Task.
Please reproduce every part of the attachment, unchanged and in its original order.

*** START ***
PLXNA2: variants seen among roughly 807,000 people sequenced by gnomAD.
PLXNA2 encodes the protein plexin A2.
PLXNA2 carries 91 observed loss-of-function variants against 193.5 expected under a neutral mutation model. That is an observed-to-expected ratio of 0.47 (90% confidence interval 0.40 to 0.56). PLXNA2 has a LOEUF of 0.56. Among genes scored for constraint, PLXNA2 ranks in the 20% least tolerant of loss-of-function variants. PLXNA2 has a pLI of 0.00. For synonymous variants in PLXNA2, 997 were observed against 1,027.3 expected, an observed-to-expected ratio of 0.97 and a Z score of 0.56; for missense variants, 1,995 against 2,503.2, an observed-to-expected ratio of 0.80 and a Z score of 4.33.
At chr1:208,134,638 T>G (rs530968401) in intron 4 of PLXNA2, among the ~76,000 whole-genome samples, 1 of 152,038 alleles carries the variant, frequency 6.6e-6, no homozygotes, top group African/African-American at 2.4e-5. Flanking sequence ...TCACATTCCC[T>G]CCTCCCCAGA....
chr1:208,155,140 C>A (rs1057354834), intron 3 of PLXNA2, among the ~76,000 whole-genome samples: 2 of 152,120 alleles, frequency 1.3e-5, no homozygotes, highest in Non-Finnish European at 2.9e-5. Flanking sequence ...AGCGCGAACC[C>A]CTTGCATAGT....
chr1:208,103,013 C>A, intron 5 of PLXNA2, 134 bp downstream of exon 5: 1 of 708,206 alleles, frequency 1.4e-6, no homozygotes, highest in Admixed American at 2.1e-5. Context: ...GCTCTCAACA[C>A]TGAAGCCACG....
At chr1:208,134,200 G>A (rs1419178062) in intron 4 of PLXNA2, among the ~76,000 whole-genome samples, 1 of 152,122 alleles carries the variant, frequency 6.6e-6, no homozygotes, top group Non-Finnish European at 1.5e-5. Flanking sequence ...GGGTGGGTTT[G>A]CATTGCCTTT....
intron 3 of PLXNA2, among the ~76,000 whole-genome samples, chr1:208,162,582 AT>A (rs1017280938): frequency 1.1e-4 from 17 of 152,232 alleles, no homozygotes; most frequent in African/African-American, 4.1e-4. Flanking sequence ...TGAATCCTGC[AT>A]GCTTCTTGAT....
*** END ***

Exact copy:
PLXNA2: variants seen among roughly 807,000 people sequenced by gnomAD.
PLXNA2 encodes the protein plexin A2.
PLXNA2 carries 91 observed loss-of-function variants against 193.5 expected under a neutral mutation model. That is an observed-to-expected ratio of 0.47 (90% confidence interval 0.40 to 0.56). PLXNA2 has a LOEUF of 0.56. Among genes scored for constraint, PLXNA2 ranks in the 20% least tolerant of loss-of-function variants. PLXNA2 has a pLI of 0.00. For synonymous variants in PLXNA2, 997 were observed against 1,027.3 expected, an observed-to-expected ratio of 0.97 and a Z score of 0.56; for missense variants, 1,995 against 2,503.2, an observed-to-expected ratio of 0.80 and a Z score of 4.33.
At chr1:208,134,638 T>G (rs530968401) in intron 4 of PLXNA2, among the ~76,000 whole-genome samples, 1 of 152,038 alleles carries the variant, frequency 6.6e-6, no homozygotes, top group African/African-American at 2.4e-5. Flanking sequence ...TCACATTCCC[T>G]CCTCCCCAGA....
chr1:208,155,140 C>A (rs1057354834), intron 3 of PLXNA2, among the ~76,000 whole-genome samples: 2 of 152,120 alleles, frequency 1.3e-5, no homozygotes, highest in Non-Finnish European at 2.9e-5. Flanking sequence ...AGCGCGAACC[C>A]CTTGCATAGT....
chr1:208,103,013 C>A, intron 5 of PLXNA2, 134 bp downstream of exon 5: 1 of 708,206 alleles, frequency 1.4e-6, no homozygotes, highest in Admixed American at 2.1e-5. Context: ...GCTCTCAACA[C>A]TGAAGCCACG....
At chr1:208,134,200 G>A (rs1419178062) in intron 4 of PLXNA2, among the ~76,000 whole-genome samples, 1 of 152,122 alleles carries the variant, frequency 6.6e-6, no homozygotes, top group Non-Finnish European at 1.5e-5. Flanking sequence ...GGGTGGGTTT[G>A]CATTGCCTTT....
intron 3 of PLXNA2, among the ~76,000 whole-genome samples, chr1:208,162,582 AT>A (rs1017280938): frequency 1.1e-4 from 17 of 152,232 alleles, no homozygotes; most frequent in African/African-American, 4.1e-4. Flanking sequence ...TGAATCCTGC[AT>A]GCTTCTTGAT....